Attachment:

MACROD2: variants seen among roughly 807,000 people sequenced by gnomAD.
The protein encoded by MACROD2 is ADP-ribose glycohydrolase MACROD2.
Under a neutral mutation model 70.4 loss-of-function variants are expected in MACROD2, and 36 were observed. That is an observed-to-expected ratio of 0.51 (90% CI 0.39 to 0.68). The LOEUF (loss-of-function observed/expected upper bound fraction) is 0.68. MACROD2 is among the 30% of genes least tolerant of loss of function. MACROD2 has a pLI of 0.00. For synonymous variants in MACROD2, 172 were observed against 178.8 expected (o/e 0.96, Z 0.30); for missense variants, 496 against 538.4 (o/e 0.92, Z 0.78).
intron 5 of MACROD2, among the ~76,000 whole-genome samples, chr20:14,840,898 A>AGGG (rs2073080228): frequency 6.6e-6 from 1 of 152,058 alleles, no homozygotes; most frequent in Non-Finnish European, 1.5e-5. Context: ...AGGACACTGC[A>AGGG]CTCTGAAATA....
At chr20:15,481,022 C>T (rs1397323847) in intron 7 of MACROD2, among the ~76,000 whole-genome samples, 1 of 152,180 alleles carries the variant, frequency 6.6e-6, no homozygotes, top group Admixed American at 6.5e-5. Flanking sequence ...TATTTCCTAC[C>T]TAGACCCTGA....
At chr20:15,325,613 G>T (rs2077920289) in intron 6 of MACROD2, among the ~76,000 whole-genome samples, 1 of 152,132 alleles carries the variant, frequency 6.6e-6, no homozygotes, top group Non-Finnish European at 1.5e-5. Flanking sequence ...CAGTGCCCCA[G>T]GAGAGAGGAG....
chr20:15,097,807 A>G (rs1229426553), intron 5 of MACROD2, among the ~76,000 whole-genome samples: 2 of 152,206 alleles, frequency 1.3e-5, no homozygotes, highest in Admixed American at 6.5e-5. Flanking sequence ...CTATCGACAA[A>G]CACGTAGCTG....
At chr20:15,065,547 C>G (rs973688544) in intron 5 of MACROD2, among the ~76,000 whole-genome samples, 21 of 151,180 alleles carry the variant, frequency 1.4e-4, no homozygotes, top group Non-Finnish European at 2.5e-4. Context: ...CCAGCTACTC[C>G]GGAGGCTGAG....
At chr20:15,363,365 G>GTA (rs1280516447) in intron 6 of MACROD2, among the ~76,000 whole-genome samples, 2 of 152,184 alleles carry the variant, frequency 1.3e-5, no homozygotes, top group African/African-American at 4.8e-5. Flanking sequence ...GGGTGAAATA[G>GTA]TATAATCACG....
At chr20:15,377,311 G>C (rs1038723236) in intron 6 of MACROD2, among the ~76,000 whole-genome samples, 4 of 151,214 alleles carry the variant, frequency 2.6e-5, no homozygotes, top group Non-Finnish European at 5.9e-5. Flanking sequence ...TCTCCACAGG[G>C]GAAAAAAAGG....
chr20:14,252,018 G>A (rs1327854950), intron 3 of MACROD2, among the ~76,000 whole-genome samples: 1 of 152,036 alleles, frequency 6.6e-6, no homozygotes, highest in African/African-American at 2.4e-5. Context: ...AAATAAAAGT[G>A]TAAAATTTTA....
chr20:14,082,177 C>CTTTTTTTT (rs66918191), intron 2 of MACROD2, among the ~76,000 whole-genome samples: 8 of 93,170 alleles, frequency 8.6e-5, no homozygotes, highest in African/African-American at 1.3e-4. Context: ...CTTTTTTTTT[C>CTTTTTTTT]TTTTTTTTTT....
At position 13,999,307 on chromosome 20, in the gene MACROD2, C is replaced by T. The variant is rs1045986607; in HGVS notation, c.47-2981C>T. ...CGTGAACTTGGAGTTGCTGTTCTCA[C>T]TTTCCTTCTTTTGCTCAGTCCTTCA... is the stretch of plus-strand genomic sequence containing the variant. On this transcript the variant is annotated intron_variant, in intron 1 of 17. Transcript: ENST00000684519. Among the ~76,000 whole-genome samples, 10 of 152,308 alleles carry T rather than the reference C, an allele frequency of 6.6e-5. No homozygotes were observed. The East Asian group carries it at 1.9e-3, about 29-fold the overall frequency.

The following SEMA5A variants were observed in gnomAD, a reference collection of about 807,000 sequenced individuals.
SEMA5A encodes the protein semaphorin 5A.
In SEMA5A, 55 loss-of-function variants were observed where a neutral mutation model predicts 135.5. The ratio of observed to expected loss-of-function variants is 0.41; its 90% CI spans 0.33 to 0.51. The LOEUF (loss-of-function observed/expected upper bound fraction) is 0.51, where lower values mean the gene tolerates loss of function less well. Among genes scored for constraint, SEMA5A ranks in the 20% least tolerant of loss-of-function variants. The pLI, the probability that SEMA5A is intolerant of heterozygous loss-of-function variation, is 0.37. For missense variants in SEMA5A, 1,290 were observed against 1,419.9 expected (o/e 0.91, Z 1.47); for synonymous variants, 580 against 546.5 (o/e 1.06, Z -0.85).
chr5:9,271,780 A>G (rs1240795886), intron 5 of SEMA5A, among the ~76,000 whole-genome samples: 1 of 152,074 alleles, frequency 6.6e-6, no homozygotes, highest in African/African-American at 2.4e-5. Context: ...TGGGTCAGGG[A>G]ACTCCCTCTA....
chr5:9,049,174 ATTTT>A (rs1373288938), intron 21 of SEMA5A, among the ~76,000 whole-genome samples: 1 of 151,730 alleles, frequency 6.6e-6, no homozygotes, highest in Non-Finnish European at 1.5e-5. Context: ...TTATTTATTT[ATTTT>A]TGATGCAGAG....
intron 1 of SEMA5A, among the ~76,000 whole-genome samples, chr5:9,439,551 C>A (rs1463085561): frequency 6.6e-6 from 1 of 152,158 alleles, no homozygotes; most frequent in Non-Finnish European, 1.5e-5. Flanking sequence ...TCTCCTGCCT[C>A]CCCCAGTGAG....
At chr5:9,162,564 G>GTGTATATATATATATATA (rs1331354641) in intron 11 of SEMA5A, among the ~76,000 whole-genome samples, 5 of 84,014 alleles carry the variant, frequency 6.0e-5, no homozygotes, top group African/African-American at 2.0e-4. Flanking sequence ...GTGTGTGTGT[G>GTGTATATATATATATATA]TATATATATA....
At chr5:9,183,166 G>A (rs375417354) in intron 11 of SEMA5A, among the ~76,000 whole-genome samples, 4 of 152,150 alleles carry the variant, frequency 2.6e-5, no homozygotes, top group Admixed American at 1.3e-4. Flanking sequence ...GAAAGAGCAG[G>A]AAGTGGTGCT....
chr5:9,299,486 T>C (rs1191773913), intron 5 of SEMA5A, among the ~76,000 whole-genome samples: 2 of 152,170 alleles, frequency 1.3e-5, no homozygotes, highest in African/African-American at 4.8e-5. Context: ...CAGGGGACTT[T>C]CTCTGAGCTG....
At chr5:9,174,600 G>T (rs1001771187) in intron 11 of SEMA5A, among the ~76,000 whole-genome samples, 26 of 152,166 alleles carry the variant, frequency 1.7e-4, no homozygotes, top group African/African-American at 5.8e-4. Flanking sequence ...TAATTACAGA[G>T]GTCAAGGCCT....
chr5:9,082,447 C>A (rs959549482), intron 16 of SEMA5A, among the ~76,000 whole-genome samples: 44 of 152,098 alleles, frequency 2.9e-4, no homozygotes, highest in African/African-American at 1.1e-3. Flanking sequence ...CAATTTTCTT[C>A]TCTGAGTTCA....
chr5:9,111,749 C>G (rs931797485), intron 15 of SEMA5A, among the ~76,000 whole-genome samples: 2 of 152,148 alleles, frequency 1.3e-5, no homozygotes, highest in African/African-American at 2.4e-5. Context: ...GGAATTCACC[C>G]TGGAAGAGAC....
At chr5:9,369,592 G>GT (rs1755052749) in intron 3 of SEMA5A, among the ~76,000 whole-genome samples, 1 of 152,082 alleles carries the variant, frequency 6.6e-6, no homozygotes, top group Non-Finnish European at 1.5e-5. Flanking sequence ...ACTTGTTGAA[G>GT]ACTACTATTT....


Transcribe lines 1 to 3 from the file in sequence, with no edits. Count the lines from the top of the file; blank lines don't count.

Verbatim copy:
MACROD2: variants seen among roughly 807,000 people sequenced by gnomAD.
The protein encoded by MACROD2 is ADP-ribose glycohydrolase MACROD2.
Under a neutral mutation model 70.4 loss-of-function variants are expected in MACROD2, and 36 were observed. That is an observed-to-expected ratio of 0.51 (90% CI 0.39 to 0.68). The LOEUF (loss-of-function observed/expected upper bound fraction) is 0.68. MACROD2 is among the 30% of genes least tolerant of loss of function. MACROD2 has a pLI of 0.00. For synonymous variants in MACROD2, 172 were observed against 178.8 expected (o/e 0.96, Z 0.30); for missense variants, 496 against 538.4 (o/e 0.92, Z 0.78).